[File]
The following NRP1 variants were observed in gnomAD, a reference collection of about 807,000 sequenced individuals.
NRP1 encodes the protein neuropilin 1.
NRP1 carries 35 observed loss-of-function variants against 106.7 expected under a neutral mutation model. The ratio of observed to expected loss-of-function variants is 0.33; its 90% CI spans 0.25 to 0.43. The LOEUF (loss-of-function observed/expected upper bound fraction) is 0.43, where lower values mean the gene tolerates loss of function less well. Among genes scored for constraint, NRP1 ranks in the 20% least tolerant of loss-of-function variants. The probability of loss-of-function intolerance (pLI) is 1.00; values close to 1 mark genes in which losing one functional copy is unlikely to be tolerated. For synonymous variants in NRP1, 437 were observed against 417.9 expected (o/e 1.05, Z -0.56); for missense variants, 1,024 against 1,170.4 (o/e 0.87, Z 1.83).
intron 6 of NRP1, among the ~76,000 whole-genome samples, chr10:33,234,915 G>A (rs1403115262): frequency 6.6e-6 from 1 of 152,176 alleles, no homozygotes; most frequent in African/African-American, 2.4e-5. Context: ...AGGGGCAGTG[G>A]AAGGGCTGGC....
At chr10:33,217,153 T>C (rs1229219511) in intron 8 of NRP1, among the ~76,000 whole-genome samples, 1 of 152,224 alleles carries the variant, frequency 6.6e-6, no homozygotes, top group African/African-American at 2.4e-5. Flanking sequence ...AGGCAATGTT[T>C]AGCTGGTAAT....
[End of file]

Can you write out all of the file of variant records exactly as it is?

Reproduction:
The following NRP1 variants were observed in gnomAD, a reference collection of about 807,000 sequenced individuals.
NRP1 encodes the protein neuropilin 1.
NRP1 carries 35 observed loss-of-function variants against 106.7 expected under a neutral mutation model. The ratio of observed to expected loss-of-function variants is 0.33; its 90% CI spans 0.25 to 0.43. The LOEUF (loss-of-function observed/expected upper bound fraction) is 0.43, where lower values mean the gene tolerates loss of function less well. Among genes scored for constraint, NRP1 ranks in the 20% least tolerant of loss-of-function variants. The probability of loss-of-function intolerance (pLI) is 1.00; values close to 1 mark genes in which losing one functional copy is unlikely to be tolerated. For synonymous variants in NRP1, 437 were observed against 417.9 expected (o/e 1.05, Z -0.56); for missense variants, 1,024 against 1,170.4 (o/e 0.87, Z 1.83).
intron 6 of NRP1, among the ~76,000 whole-genome samples, chr10:33,234,915 G>A (rs1403115262): frequency 6.6e-6 from 1 of 152,176 alleles, no homozygotes; most frequent in African/African-American, 2.4e-5. Context: ...AGGGGCAGTG[G>A]AAGGGCTGGC....
At chr10:33,217,153 T>C (rs1229219511) in intron 8 of NRP1, among the ~76,000 whole-genome samples, 1 of 152,224 alleles carries the variant, frequency 6.6e-6, no homozygotes, top group African/African-American at 2.4e-5. Flanking sequence ...AGGCAATGTT[T>C]AGCTGGTAAT....